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Jury Identifies Failings in Risk Management Following Self-inflicted Death of First time Prisoner
A jury has returned a critical narrative conclusion following the inquest into the death of Lloyd Joseph Skelton, 21 who died at Leicester Royal Infirmary on 1 September 2014 after being found hanging in his cell on the segregation wing at HMP Leicester on 29 August 2014. The inquest was held at Leicester Town Hall from 1-10 March 2016.
Lloyd was a talented young man with aspirations of a career in the music industry, however he had a long history of mental health issues. On 30 July 2014, following three incidents which occurred over a number of days Lloyd was remanded to HMP Leicester, this was his first time in prison (and in fact first time that he had really been in trouble with the police). A mental health assessment had been carried out at Court, but it was decided that Lloyd was unsuitable for admission to a psychiatric inpatient unit.
Lloyd was placed on an ACCT following concerns raised by the nurse in reception. The following day, Lloyd headbutted a prison officer, and was moved to the segregation unit, where he remained for over four weeks until his tragic death.
Issues were raised on behalf of the family as to whether the segregation unit was the most appropriate place for Lloyd considering his deteriorating mental health, however the jury concluded that it was the most appropriate location available to cater for Lloyd’s needs and to protect the safety of Lloyd and others. It is however interesting to note that this same unit was declared “unfit for habitation” and was recommended to be closed immediately by HM Inspectorate of Prisons in a report released earlier this year.
Lloyd was placed on a three-officer unlock throughout his time in segregation, which the jury concluded was inappropriate, as a review on 22 August had declared he was of “low risk”. On 29 August, the three-man unlock had delayed Lloyd being given his evening meal, approximately an hour before he was found hanging. This was due to a shortage of staff.
On 29 August, Lloyd was reviewed by his case manager and a mental health nurse as part of the ACCT procedure, with two officers also in attendance. Lloyd did not engage with the review but despite this the case manager decided to close the ACCT. Her reasoning for this was that in segregation prisoners would still be observed on an hourly basis so they could still monitor him, however these checks are not mandatory. The jury concluded that it was an error to close the ACCT at that stage, and that this was a contributory factor in his death, as the ACCT checks were mandatory, and it stipulated that staff must have three meaningful conversations per day with Lloyd.
The hourly checks on the unit were to be recorded in the observation log, and although observations were recorded in the unit’s log book, the CCTV from the unit’s landing, showed that in fact the checks at 13:30, 14:30 and 17:30 were notcompleted. It also transpired that the 17:30 check was not noted in the log when police initially attended and took a photocopy the day after Lloyd was found, yet when an officer returned the following week to retrieve the original, it had been added but without a signature. The jury concluded that the failure to conduct these observations contributed to his death.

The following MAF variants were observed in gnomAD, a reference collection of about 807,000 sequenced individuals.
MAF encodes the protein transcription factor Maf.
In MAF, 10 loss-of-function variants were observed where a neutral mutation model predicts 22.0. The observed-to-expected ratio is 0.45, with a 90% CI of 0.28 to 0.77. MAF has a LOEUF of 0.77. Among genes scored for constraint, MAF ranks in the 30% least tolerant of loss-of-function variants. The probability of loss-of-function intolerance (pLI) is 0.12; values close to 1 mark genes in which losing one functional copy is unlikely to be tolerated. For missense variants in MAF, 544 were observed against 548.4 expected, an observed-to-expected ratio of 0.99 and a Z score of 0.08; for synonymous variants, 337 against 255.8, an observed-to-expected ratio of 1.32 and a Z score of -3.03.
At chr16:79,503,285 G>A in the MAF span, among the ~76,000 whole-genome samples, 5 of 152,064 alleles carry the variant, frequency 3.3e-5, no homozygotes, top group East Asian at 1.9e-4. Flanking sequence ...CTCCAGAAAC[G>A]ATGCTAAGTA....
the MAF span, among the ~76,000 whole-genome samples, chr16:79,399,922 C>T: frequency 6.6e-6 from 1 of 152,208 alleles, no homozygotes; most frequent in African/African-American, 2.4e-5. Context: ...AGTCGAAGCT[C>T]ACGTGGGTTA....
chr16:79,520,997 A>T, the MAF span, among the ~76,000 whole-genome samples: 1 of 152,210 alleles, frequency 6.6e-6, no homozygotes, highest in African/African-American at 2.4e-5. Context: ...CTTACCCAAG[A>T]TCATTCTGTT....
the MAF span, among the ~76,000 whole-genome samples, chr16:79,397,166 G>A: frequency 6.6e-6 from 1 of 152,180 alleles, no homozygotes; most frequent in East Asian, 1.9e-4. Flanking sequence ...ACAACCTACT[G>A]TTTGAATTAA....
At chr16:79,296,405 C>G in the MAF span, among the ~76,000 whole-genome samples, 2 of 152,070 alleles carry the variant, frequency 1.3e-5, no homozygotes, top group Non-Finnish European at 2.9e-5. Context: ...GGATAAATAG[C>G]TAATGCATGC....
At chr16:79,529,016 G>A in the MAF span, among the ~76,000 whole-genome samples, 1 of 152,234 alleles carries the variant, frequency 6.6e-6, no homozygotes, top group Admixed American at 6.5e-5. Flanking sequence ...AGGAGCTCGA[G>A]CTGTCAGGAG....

Lloyd’s family said:
“Lloyd was an intelligent, talented and sensitive young man with so much to offer and an ability to inspire those around him. Our family are distraught over his tragic death at such a young age, before he had the chance to fulfil his vast potential.
Although we are pleased with the conclusions of the jury and the criticisms they have made, this is a small consolation. It was clear Lloyd was crying out for help, but the prison’s response was to lock him away on the segregation unit, which is difficult to accept.
We would like to thank our legal team – Gemma Vine, Ifeanyi Odogwu and Charles Myers – for all the hard work they have put in to Lloyd’s case”
Gemma Vine, solicitor representing Hannah’s family said:
“This is a tragic case of a talented, yet troubled young man with significant mental health issues, who clearly should not have been in prison in the first place. This case highlights both failings with HMP Leicester and also a national problem regarding a lack of resources to support prisoners with serious mental health disorders. Considering the high number of prisoners who are deemed to be affected by Mental Health Lloyd’s death serves as a reminder that the Ministry of Justice needs to conduct an urgent overhaul of the prison system.”
The family is represented by INQUEST Lawyers Group members Gemma Vine from Lester Morrill solicitors and Ifeanyi Odogwu, Garden Court Chambers.